If you’re one of those parents who have trouble putting your kid to sleep, you have certainly searched the internet for ways to help your child. So, you’ve probably come across numerous different pieces of advice on this topic ranging from giving your child a warm glass of milk to melatonin supplements.
As you might know, melatonin is a hormone that regulates our sleep-wake cycle, but you might ask yourself whether giving melatonin supplements to your child for better sleep is safe for them. In order to help you with this question and make your choice easier, we wrote this article, so sit back and read on.
What Is Melatonin?
Melatonin, also known as the sleep hormone, is a hormone that is naturally secreted in the pineal gland in the center of the human brain. Basically, melatonin helps your sleep-wake cycle, also known as the circadian rhythm; it tells your body when to eat, go to sleep, and wake up. Melatonin is usually produced in the evening as a sign that it’s bedtime. When your sleep-wake cycle gets disturbed due to a sleeping disorder (such as insomnia), anxiety, and jet lag, it can impact your melatonin levels.
Melatonin supplements can be produced naturally from animal sources or developed synthetically. Over-the-counter melatonin is a synthetically produced version that mimics the effects of our natural melatonin, showing our body and brain that it’s time to close your eyes, so you’ll be able to relax and fall asleep easily. Melatonin supplements come in patches, liquid forms, gummies, and pills.
Although melatonin supplements are quite popular as a sleep aid, since they aren’t regulated by the Food and Drug Administration (FDA), you may ask yourself whether they are safe or not.
Can Melatonin Help Children Fall Asleep?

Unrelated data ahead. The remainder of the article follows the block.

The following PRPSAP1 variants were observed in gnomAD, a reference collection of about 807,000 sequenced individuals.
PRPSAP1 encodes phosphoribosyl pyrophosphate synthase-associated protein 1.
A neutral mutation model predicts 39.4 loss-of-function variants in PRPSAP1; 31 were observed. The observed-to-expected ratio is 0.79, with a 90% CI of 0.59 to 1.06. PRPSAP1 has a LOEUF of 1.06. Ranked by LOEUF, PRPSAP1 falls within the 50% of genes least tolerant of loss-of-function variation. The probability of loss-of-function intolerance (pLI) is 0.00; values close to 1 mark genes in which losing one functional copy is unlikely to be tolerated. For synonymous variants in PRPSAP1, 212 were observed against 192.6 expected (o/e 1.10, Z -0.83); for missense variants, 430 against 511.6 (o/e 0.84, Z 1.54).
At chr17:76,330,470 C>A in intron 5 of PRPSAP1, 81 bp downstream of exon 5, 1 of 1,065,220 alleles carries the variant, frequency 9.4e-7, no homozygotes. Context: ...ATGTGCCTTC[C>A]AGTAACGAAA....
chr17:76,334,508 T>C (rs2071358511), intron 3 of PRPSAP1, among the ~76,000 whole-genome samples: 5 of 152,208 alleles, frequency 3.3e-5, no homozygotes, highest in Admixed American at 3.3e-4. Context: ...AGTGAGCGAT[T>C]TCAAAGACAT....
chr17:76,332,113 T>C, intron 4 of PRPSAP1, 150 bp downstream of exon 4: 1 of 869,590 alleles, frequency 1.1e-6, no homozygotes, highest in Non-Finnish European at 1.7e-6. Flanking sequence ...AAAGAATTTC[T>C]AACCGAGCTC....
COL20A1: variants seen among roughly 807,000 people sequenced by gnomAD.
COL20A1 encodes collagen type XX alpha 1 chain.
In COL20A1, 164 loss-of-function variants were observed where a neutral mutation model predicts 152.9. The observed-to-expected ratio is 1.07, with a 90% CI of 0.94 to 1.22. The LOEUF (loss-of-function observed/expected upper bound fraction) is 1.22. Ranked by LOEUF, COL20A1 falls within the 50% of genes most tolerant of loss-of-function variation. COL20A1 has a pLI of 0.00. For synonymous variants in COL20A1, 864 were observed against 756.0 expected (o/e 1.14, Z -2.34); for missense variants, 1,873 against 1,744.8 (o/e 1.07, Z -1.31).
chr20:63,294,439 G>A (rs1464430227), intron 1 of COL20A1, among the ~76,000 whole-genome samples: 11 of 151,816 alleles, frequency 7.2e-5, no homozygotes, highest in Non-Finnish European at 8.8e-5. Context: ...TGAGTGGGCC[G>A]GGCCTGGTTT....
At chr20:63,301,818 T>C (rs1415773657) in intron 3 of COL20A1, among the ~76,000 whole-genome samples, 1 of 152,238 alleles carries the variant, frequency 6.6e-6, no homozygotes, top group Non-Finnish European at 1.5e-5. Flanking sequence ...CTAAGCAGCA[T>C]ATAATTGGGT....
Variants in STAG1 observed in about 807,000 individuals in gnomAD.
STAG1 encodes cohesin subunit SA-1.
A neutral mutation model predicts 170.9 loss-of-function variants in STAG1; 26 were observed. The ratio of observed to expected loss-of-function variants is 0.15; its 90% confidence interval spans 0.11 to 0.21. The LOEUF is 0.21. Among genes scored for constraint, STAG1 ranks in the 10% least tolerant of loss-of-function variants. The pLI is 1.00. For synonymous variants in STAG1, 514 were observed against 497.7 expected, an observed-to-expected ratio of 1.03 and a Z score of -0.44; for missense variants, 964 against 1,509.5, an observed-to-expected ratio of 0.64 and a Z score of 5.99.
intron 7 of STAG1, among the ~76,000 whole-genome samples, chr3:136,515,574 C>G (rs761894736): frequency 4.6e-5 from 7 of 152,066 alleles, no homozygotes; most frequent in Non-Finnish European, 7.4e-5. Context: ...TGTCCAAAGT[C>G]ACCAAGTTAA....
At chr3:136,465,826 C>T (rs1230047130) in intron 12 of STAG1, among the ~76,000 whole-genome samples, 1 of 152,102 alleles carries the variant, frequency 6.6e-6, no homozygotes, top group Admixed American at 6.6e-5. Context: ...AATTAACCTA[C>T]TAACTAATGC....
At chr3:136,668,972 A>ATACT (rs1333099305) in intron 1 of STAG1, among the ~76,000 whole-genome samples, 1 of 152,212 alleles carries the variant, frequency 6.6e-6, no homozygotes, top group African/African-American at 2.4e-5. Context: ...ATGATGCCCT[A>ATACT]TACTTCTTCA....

If your kid has trouble falling asleep at night or getting enough sleep, melatonin dietary supplements are a possible short-term solution for helping your kid achieve a good night’s sleep.
As many as 70% of kids that suffer from attention deficit hyperactivity disorder experience sleep issues. These kids frequently feel excessive drowsiness during the day as a result of insomnia or trouble falling asleep in the evening. Some studies show that kids with ADHD who use melatonin as a sleep aid experience better sleep. One particular study revealed a reduction in insomnia, resulting in children falling asleep approximately 16 minutes earlier.
Between 50% and 80% of kids that suffer from autism spectrum disorders experience sleep disorders. Some studies of melatonin use in kids with autism spectrum disorders have revealed that sleep quality and sleep onset have been improved. Some of these kids experience better behavior during the day, and there are several to no melatonin side effects.
What Is the Correct Melatonin Dosage for Kids?
Always consult with a pediatric specialist before giving your kid melatonin. They will help you to determine whether the melatonin supplement is necessary or not. The pediatricians can also give you advice for the timing and the melatonin dosage. Most will recommend beginning with a lower dose, typically, approximately 1 to 2 milligrams for children ages 4 to 6, 2 to 3 milligrams for ages 6 to 12, 5 milligrams for teenagers, and a dosage within the range of 0.5-10.0 milligrams for children with special needs.